- If one team has fewer former Capitals than its opponent, it is most likely going to win any given series.
- If teams have the same number of former Capitals, the team with the fewer games played for the Capitals is most likely going to win any given series.
- If neither team has a former Capital and one team has a former Capital head coach behind the bench, that team is most likely to lose any given series.
- If both teams have former Capital head coaches, the team with the fewer games coached for the Capitals is most likely going to win any given series.
- If neither team has a former Capital or former Capital head coach, the team with the fewer former Capital draft picks is most likely going to win any given series.
But now, it appears, the FCF is at an impasse. As far as I can tell, neither the Oilers nor the Candycanes has a former Cap, former Cap coach or former draft pick on the payroll. Ah, but wait! As we drill down deeper, we find that Hartford has two former Caps (Stephen Peat and Chris Hajt) listed as "In The System," while Edmonton's goaltending coach is none other than former Cap Peeeeeeeeeeeeeete Peeters.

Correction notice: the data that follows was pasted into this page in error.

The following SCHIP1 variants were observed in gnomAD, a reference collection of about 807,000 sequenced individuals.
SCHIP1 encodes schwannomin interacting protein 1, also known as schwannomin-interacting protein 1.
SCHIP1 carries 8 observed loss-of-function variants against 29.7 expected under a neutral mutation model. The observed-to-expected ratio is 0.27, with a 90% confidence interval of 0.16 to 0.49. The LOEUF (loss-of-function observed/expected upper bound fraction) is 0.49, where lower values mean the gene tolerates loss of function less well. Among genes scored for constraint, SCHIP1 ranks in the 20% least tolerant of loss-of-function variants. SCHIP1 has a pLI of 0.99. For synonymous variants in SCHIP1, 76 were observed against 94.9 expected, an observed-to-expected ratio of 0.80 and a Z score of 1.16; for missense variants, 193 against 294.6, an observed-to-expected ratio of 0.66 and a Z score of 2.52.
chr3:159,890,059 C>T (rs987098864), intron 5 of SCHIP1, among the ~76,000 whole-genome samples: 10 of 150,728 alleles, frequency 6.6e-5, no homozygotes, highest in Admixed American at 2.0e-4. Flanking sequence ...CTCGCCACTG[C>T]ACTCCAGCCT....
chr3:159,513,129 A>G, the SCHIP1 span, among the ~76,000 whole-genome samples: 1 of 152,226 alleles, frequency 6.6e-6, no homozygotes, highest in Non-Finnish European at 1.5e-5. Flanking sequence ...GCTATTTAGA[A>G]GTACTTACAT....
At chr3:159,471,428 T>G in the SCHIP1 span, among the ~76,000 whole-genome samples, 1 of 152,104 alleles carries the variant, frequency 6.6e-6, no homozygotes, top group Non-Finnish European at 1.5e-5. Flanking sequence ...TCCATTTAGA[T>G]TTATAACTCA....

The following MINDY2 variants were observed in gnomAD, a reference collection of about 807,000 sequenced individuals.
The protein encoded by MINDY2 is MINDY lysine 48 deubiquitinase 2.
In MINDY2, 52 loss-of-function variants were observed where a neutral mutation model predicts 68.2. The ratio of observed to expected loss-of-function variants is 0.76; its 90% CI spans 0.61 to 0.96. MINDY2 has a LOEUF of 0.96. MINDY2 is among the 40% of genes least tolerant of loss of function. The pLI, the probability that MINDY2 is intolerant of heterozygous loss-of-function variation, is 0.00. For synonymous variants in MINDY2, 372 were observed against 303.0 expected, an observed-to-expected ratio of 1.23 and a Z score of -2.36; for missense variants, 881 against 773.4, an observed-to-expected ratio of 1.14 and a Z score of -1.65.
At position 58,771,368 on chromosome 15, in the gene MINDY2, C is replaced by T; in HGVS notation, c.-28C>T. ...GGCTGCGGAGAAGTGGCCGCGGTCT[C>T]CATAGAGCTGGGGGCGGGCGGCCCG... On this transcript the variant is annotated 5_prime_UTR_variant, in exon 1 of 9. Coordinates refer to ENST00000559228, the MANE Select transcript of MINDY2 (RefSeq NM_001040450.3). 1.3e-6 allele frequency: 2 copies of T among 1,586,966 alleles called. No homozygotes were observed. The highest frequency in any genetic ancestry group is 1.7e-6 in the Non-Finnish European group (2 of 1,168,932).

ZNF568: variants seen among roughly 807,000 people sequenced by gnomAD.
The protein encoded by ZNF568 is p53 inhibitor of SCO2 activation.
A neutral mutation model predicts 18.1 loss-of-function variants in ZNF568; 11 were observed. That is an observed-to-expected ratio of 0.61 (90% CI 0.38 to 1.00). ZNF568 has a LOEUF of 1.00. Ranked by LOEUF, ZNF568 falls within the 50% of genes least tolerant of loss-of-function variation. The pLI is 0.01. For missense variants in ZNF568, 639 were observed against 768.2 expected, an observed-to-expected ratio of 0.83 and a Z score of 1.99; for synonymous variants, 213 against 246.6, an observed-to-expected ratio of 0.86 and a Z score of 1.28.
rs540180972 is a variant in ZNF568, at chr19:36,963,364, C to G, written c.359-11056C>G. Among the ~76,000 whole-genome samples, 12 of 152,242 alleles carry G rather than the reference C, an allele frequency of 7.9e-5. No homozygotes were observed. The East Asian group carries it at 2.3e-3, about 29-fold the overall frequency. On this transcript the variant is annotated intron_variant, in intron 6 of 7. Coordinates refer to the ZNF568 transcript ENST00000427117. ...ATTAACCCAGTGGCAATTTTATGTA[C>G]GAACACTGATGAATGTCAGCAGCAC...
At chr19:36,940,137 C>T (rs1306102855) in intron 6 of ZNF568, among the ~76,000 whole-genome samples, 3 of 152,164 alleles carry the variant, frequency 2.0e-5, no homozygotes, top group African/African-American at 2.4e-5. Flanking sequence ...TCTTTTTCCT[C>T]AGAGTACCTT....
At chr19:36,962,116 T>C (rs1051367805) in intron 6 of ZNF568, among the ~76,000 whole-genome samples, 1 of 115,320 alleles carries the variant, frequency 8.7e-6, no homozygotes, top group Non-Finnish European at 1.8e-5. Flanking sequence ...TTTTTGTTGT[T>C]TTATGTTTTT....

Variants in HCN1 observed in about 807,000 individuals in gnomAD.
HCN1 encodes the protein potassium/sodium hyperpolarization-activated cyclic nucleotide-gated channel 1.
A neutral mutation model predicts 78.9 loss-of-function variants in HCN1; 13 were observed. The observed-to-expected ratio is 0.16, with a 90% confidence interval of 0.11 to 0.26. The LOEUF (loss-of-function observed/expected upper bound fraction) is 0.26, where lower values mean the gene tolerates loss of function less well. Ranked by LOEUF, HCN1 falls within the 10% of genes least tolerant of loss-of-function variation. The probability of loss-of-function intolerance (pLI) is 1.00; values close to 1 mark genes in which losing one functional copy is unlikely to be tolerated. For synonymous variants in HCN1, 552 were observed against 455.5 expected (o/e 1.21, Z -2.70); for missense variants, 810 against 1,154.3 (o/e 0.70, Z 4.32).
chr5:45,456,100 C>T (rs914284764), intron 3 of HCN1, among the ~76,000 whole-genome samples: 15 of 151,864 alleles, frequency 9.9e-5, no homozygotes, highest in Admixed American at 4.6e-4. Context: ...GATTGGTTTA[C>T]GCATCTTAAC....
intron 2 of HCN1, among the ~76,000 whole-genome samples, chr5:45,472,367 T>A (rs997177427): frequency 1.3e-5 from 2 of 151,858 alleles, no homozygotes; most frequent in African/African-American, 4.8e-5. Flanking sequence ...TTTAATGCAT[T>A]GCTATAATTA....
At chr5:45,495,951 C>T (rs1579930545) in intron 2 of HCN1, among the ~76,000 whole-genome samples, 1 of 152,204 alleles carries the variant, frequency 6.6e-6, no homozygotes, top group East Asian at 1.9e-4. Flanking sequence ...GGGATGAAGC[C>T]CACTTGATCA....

Which is enough to tip the scales in the Finals? Neither Peat nor Hajt played a game with the big club this season and Peeters isn't now and has never been a head coach. I guess we'll see soon enough which sixth point needs to be added to the FCF, but I'm going to have to go with the 'Canes in this series. Peeters is a former Cap player currently associated with Edmonton's NHL team (unlike the AHL affiliations of Peat and Hajt) and therefore the FCF is stronger in him.
Hartford in 6.